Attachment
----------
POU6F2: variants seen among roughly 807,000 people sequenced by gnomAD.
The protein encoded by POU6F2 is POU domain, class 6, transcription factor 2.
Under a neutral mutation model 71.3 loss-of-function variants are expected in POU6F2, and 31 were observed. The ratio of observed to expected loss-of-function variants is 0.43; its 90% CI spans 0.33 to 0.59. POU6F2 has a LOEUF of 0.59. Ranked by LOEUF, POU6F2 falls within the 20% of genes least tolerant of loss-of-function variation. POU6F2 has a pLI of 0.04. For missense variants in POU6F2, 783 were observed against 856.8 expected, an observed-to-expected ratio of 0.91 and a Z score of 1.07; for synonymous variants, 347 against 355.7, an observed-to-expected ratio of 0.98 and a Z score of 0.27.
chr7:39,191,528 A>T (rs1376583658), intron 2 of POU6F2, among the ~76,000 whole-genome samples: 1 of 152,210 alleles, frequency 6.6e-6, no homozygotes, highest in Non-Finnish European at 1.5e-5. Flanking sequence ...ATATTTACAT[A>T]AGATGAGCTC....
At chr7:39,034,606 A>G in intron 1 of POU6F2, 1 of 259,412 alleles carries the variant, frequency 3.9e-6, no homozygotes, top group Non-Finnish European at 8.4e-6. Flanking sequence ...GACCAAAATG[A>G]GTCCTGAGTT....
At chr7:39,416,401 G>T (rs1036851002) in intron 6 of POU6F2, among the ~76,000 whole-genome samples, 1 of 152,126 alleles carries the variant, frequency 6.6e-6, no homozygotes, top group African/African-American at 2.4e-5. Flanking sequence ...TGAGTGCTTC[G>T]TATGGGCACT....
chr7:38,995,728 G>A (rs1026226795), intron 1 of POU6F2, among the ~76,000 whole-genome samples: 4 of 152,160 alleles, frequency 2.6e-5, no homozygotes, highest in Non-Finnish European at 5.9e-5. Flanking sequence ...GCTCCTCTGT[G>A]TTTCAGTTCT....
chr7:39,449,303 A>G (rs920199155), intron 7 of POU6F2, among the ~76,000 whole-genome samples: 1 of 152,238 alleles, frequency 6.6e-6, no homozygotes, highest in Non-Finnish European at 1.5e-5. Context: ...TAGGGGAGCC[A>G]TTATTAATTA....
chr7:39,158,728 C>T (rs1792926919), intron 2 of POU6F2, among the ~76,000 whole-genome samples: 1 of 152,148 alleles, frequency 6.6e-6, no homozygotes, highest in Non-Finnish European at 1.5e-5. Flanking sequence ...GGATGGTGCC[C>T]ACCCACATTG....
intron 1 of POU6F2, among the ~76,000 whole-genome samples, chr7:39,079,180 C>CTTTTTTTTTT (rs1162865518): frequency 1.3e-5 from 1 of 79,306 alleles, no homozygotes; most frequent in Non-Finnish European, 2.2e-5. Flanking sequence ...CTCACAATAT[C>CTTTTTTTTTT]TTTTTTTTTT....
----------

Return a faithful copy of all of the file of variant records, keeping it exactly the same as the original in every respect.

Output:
POU6F2: variants seen among roughly 807,000 people sequenced by gnomAD.
The protein encoded by POU6F2 is POU domain, class 6, transcription factor 2.
Under a neutral mutation model 71.3 loss-of-function variants are expected in POU6F2, and 31 were observed. The ratio of observed to expected loss-of-function variants is 0.43; its 90% CI spans 0.33 to 0.59. POU6F2 has a LOEUF of 0.59. Ranked by LOEUF, POU6F2 falls within the 20% of genes least tolerant of loss-of-function variation. POU6F2 has a pLI of 0.04. For missense variants in POU6F2, 783 were observed against 856.8 expected, an observed-to-expected ratio of 0.91 and a Z score of 1.07; for synonymous variants, 347 against 355.7, an observed-to-expected ratio of 0.98 and a Z score of 0.27.
chr7:39,191,528 A>T (rs1376583658), intron 2 of POU6F2, among the ~76,000 whole-genome samples: 1 of 152,210 alleles, frequency 6.6e-6, no homozygotes, highest in Non-Finnish European at 1.5e-5. Flanking sequence ...ATATTTACAT[A>T]AGATGAGCTC....
At chr7:39,034,606 A>G in intron 1 of POU6F2, 1 of 259,412 alleles carries the variant, frequency 3.9e-6, no homozygotes, top group Non-Finnish European at 8.4e-6. Flanking sequence ...GACCAAAATG[A>G]GTCCTGAGTT....
At chr7:39,416,401 G>T (rs1036851002) in intron 6 of POU6F2, among the ~76,000 whole-genome samples, 1 of 152,126 alleles carries the variant, frequency 6.6e-6, no homozygotes, top group African/African-American at 2.4e-5. Flanking sequence ...TGAGTGCTTC[G>T]TATGGGCACT....
chr7:38,995,728 G>A (rs1026226795), intron 1 of POU6F2, among the ~76,000 whole-genome samples: 4 of 152,160 alleles, frequency 2.6e-5, no homozygotes, highest in Non-Finnish European at 5.9e-5. Flanking sequence ...GCTCCTCTGT[G>A]TTTCAGTTCT....
chr7:39,449,303 A>G (rs920199155), intron 7 of POU6F2, among the ~76,000 whole-genome samples: 1 of 152,238 alleles, frequency 6.6e-6, no homozygotes, highest in Non-Finnish European at 1.5e-5. Context: ...TAGGGGAGCC[A>G]TTATTAATTA....
chr7:39,158,728 C>T (rs1792926919), intron 2 of POU6F2, among the ~76,000 whole-genome samples: 1 of 152,148 alleles, frequency 6.6e-6, no homozygotes, highest in Non-Finnish European at 1.5e-5. Flanking sequence ...GGATGGTGCC[C>T]ACCCACATTG....
intron 1 of POU6F2, among the ~76,000 whole-genome samples, chr7:39,079,180 C>CTTTTTTTTTT (rs1162865518): frequency 1.3e-5 from 1 of 79,306 alleles, no homozygotes; most frequent in Non-Finnish European, 2.2e-5. Flanking sequence ...CTCACAATAT[C>CTTTTTTTTTT]TTTTTTTTTT....